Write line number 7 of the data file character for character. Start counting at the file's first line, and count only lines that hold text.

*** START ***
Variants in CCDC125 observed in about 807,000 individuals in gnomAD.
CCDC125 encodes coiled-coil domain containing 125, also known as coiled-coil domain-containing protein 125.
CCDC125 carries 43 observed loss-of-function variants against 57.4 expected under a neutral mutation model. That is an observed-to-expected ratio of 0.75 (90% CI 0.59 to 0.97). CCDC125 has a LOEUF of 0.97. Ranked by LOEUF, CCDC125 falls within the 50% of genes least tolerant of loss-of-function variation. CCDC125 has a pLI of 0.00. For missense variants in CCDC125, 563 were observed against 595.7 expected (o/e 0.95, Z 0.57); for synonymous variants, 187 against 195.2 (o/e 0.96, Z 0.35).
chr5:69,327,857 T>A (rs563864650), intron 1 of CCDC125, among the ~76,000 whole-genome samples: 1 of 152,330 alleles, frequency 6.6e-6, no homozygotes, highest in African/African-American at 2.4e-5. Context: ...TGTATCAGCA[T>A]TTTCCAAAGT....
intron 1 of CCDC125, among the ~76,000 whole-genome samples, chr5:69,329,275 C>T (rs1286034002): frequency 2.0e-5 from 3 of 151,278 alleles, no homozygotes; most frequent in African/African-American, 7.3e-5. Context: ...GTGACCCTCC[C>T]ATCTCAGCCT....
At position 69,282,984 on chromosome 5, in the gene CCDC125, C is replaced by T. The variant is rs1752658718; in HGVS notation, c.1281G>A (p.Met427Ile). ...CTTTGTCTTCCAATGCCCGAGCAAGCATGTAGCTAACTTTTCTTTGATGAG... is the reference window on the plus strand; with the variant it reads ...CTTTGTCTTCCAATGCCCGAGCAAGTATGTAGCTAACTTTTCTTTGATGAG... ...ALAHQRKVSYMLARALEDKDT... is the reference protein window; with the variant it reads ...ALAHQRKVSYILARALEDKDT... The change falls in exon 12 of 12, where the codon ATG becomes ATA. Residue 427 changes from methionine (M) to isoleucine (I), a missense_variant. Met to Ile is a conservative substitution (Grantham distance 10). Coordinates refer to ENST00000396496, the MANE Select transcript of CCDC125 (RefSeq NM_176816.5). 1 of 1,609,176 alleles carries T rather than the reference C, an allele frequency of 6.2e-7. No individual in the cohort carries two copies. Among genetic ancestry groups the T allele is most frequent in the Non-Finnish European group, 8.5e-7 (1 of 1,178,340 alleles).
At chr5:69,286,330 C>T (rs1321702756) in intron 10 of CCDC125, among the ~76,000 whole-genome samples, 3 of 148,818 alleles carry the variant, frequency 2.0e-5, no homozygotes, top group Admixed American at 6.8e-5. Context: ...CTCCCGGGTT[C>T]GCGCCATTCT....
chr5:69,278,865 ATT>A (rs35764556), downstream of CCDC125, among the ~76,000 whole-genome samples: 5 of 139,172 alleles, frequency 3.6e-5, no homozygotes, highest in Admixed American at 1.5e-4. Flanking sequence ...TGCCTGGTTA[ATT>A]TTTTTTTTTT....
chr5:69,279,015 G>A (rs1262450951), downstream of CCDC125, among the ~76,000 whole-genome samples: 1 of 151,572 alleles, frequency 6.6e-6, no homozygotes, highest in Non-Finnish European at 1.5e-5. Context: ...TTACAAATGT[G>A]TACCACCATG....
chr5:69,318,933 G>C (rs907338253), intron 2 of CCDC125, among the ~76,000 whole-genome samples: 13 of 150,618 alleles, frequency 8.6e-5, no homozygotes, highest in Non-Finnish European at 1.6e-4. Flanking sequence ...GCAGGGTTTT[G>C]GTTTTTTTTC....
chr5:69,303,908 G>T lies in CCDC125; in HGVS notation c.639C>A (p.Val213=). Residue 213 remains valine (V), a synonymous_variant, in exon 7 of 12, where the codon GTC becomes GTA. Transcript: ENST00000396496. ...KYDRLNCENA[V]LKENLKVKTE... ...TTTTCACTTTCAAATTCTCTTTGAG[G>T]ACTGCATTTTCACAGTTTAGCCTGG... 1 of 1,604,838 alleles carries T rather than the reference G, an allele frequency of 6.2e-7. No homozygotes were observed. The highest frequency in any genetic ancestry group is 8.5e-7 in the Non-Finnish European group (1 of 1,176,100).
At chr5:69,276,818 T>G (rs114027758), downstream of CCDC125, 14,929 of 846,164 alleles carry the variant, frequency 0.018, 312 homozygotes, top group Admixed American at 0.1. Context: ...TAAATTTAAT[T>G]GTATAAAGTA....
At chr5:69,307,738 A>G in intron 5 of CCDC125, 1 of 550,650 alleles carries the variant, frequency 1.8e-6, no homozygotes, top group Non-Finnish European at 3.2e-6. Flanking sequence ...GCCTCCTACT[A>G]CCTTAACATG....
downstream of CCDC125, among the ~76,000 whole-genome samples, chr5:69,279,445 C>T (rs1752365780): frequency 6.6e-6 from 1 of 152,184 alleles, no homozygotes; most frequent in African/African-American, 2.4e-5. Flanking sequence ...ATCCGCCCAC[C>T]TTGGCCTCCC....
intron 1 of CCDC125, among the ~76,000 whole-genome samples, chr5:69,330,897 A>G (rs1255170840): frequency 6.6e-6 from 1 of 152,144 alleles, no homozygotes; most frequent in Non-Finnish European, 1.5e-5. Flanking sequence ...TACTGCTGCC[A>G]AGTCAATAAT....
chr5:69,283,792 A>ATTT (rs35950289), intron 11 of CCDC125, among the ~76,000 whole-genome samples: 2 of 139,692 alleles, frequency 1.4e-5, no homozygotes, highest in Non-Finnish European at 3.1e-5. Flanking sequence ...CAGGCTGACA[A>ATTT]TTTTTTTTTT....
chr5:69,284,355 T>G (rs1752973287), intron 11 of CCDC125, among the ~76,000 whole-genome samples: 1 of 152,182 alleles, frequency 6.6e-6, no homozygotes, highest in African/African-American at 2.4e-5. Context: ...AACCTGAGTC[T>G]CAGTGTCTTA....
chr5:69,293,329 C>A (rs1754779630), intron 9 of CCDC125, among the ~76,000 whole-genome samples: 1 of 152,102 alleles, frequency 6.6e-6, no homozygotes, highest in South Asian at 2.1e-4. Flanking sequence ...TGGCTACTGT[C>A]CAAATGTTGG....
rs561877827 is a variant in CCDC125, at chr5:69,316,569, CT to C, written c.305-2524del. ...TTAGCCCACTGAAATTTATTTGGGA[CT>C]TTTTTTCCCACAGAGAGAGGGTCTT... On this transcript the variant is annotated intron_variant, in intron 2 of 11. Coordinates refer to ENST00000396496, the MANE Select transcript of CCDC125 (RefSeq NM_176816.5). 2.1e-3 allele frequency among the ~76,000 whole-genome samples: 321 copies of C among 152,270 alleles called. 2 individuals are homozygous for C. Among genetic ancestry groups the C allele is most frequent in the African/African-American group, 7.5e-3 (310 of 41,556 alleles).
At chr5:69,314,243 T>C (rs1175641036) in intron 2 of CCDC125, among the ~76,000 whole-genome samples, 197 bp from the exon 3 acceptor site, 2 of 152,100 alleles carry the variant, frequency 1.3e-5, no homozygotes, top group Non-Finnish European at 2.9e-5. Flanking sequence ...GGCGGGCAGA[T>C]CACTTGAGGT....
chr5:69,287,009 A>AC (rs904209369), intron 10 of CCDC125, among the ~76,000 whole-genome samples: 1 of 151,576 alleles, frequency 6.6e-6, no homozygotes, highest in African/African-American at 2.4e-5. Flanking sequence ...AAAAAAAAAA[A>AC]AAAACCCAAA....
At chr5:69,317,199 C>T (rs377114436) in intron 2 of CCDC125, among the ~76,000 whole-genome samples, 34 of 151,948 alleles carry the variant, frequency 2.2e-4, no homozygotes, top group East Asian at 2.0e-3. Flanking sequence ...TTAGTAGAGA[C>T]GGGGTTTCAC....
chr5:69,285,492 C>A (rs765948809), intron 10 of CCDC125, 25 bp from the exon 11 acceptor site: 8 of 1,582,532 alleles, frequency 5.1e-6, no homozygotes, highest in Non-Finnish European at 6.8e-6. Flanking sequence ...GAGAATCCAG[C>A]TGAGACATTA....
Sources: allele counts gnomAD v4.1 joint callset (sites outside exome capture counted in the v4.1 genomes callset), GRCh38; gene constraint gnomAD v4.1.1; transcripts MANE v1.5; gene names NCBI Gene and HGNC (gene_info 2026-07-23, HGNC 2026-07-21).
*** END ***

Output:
At chr5:69,286,330 C>T (rs1321702756) in intron 10 of CCDC125, among the ~76,000 whole-genome samples, 3 of 148,818 alleles carry the variant, frequency 2.0e-5, no homozygotes, top group Admixed American at 6.8e-5. Context: ...CTCCCGGGTT[C>T]GCGCCATTCT....